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'Dowager's hump' may bode early death

May 21, 2009 |  5:19 pm

YogaTechnically, it's called hyperkyphosis; untechnically, it's called dowager's hump.

Whatever you call the condition -- an excessive forward curve of the upper spine often seen in elderly women -- it appears to be connected to a higher rate of earlier death in those who also have vertebral fractures.

In a study published in the May 19 issue of Annals of Internal Medicine, researchers at UCLA found that the greater the curvature, the higher the risk of death within the study period. This held true regardless of age, the problems caused by the basic spinal osteoporosis or the severity of the  fractures.

Here's the release from UCLA;

the abstract from the journal;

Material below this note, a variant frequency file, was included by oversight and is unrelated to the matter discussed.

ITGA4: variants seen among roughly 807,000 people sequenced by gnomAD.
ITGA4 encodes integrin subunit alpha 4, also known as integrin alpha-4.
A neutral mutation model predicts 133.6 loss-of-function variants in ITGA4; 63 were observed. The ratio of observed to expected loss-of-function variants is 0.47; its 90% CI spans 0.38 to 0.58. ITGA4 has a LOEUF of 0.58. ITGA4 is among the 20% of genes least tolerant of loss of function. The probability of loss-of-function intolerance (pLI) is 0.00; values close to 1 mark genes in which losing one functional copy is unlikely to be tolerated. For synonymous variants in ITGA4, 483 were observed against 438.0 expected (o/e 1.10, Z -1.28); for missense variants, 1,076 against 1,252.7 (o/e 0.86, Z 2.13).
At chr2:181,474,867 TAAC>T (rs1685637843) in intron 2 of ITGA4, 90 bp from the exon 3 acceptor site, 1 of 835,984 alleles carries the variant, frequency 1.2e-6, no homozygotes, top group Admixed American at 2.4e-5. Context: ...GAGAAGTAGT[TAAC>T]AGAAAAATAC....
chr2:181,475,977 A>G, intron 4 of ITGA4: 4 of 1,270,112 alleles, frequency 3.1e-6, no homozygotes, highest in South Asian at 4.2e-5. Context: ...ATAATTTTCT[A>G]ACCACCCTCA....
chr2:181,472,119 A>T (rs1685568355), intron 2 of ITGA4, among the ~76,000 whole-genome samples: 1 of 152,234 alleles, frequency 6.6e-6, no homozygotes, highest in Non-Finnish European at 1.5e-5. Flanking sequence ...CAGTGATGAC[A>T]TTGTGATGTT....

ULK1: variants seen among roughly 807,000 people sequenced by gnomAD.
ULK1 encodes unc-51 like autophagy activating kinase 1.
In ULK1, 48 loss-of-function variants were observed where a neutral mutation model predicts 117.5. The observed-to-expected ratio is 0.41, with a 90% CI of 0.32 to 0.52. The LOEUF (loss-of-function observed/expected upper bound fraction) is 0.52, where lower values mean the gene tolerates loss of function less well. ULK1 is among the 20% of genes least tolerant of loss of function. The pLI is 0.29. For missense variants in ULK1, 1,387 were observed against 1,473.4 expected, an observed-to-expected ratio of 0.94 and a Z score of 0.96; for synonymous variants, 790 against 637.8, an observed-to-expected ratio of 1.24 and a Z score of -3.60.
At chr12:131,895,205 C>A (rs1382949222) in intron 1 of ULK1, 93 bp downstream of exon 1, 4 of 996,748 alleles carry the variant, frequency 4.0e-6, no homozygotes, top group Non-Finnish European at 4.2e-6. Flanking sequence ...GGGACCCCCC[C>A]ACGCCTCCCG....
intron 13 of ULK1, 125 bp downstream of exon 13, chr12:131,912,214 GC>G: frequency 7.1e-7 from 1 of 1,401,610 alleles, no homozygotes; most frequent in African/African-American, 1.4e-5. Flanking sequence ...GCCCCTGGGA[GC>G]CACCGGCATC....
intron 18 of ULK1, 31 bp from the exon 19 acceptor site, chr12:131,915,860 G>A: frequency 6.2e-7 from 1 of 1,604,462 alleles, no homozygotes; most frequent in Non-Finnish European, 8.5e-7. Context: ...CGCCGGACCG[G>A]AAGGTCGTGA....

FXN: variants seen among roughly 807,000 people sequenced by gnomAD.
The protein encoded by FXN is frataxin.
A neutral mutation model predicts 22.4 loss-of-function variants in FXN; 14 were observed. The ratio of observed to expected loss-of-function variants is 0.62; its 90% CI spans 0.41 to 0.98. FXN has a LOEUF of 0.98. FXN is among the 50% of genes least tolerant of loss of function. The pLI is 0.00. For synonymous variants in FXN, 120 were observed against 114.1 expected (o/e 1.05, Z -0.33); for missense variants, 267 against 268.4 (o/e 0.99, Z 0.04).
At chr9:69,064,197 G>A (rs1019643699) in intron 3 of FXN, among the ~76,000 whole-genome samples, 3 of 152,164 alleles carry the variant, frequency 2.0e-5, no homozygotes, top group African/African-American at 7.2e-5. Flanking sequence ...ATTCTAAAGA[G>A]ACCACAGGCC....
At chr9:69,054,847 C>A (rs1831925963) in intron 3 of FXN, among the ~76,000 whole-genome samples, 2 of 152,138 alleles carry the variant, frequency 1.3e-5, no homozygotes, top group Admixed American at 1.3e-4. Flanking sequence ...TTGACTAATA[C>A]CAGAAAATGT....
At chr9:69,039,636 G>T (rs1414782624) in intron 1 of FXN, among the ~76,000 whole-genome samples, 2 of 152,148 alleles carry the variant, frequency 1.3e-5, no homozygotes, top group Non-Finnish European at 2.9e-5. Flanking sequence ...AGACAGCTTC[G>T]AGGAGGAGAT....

basic information about the condition from osteopenia3.com;

and a blog, Dowagers Humps, that though not especially active, does appear to target folks looking for practical solutions and support.

As for what women can do to improve their quality of life, a small unrelated pilot study, also from UCLA and published in the American Journal of Public Health a couple of years ago, found that yoga might help produce better posture in women with hyperkyphosis.

Those researchers said such improvements could have included "increased strength and flexibility (attested to by improvements in physical function measures) and heightened attention to alignment (as reflected in women’s diary entries)."

Photo: Yoga seems unlikely to hurt, and it might provide some benefits.

Credit: Allen J. Schaben / Los Angeles Times

 

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